12. A replicated, controlled study (year not stated) on captive animals in Utah, USA (Miller et al. 2014) found that applying the repellent, Ropel®, to nylon items similar to those used on military airstrips did not reduce chewing damage caused by coyotes Canis latrans. Coyotes repeatedly tasted a lower proportion of Ropel®-treated items (67–75%) than of untreated items (58–83%). However, there was no difference in the proportion destroyed within 24 hours between treated (58–75%) and untreated items (58–83%). Twelve mated coyote pairs each had access to 1-m lengths of nylon strapping (3 cm wide, 3 mm thick) with three 0.2-m loops. Latex stickers aided adhesion of Ropel® and of water (as an untreated control solution) to nylon strapping. Solutions were applied four and one days before one treated and one untreated item were placed in each coyote pen. Coyote behaviour was monitored using camera traps.

    Study and other actions tested
Please cite as:

Littlewood, N.A., Rocha, R., Smith, R.K., Martin, P.A., Lockhart, S.L., Schoonover, R.F., Wilman, E., Bladon, A.J., Sainsbury, K.A., Pimm S. and Sutherland, W.J. (2020) Terrestrial Mammal Conservation: Global Evidence for the Effects of Interventions for terrestrial mammals excluding bats and primates. Synopses of Conservation Evidence Series. University of Cambridge, Cambridge, UK.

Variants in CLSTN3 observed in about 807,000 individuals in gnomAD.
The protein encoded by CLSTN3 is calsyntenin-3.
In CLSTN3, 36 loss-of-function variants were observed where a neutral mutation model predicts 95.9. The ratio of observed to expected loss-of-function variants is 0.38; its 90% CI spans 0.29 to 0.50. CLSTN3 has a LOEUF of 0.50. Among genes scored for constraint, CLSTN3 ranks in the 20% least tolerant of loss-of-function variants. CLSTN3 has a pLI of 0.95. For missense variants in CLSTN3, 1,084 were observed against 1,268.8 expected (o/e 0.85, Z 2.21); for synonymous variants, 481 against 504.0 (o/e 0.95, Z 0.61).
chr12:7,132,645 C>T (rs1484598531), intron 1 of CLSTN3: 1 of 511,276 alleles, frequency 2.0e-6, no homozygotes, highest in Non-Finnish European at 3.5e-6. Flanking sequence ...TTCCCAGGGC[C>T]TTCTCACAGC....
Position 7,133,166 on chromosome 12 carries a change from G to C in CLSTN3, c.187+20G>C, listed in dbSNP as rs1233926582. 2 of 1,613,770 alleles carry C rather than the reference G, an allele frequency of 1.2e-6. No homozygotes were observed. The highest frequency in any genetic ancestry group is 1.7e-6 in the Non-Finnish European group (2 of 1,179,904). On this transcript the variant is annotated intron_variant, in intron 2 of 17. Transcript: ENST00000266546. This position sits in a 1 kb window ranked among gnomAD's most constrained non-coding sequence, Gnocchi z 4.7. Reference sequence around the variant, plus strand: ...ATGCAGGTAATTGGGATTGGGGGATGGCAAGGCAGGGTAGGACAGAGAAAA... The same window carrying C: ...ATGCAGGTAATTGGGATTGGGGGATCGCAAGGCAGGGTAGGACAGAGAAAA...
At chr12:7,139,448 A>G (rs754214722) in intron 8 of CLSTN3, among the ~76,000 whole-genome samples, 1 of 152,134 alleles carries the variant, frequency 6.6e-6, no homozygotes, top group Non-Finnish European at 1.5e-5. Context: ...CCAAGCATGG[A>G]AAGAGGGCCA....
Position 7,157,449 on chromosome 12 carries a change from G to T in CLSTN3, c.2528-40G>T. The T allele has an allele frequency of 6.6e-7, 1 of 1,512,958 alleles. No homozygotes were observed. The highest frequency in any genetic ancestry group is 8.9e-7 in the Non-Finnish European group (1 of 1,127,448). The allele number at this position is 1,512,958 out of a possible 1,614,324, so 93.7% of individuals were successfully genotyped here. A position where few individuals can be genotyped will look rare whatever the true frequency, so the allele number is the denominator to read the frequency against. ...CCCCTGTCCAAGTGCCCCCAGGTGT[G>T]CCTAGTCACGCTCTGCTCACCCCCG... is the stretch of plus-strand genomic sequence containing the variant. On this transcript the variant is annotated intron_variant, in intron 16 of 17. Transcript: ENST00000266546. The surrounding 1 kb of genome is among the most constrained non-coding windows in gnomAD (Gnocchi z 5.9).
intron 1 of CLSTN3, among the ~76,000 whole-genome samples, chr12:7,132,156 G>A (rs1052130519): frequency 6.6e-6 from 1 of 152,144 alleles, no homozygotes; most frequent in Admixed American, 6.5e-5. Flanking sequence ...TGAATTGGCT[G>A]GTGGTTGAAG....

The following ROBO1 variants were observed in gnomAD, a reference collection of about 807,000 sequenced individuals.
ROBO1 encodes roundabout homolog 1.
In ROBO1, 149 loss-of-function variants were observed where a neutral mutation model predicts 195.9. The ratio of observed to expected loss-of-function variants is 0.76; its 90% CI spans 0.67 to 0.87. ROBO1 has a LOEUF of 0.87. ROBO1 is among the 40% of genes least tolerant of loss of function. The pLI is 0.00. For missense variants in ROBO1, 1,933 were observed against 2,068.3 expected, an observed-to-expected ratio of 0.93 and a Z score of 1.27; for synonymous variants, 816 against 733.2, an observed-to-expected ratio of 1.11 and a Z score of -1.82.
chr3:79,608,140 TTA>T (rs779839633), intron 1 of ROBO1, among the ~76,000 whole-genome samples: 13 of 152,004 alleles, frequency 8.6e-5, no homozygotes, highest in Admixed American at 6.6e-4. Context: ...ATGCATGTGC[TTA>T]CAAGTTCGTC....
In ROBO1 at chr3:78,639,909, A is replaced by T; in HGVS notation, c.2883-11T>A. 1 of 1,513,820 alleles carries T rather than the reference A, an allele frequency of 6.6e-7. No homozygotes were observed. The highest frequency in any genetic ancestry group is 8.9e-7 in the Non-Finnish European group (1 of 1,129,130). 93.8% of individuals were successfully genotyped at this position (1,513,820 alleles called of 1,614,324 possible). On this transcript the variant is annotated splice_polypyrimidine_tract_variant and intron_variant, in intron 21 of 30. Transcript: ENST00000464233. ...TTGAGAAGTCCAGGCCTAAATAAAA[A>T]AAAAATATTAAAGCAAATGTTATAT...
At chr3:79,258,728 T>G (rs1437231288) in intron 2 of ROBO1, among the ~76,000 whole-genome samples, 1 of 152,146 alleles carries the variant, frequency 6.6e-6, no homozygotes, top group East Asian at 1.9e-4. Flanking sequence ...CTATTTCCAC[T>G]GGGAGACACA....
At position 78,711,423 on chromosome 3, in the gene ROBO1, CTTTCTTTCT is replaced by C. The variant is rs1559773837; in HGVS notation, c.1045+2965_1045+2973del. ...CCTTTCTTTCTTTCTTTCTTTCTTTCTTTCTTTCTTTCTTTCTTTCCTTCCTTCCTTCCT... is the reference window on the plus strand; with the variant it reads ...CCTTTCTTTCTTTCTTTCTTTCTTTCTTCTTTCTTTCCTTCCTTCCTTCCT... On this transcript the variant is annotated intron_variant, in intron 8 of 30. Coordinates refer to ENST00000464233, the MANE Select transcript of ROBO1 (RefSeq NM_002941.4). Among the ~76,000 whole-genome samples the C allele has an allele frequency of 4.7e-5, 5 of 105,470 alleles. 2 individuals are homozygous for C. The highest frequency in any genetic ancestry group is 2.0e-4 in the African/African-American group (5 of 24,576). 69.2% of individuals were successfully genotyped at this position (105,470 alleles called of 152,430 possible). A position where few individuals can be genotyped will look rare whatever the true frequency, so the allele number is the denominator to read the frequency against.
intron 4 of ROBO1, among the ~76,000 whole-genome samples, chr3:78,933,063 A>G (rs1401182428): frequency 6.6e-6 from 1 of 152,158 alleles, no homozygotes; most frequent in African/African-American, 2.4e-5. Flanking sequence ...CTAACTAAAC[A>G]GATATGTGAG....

Where has this evidence come from?

List of journals searched by synopsis

All the journals searched for all synopses

Terrestrial Mammal Conservation

This Action forms part of the Action Synopsis:

Terrestrial Mammal Conservation
Terrestrial Mammal Conservation

Terrestrial Mammal Conservation - Published 2020

Terrestrial Mammal Conservation

What Works 2021 cover

What Works in Conservation

What Works in Conservation provides expert assessments of the effectiveness of actions, based on summarised evidence, in synopses. Subjects covered so far include amphibians, birds, mammals, forests, peatland and control of freshwater invasive species. More are in progress.

More about What Works in Conservation

Download free PDF or purchase
The Conservation Evidence Journal

The Conservation Evidence Journal

An online, free to publish in, open-access journal publishing results from research and projects that test the effectiveness of conservation actions.

Read the latest volume: Volume 21

Go to the CE Journal

Discover more on our blog

Our blog contains the latest news and updates from the Conservation Evidence team, the Conservation Evidence Journal, and our global partners in evidence-based conservation.

Who uses Conservation Evidence?

Meet some of the evidence champions

Endangered Landscape ProgrammeRed List Champion - Arc Kent Wildlife Trust The Rufford Foundation Save the Frogs - Ghana Mauritian Wildlife Supporting Conservation Leaders
Sustainability Dashboard National Biodiversity Network Frog Life The international journey of Conservation - Oryx Cool Farm Alliance UNEP AWFA Bat Conservation InternationalPeople trust for endangered species Vincet Wildlife Trust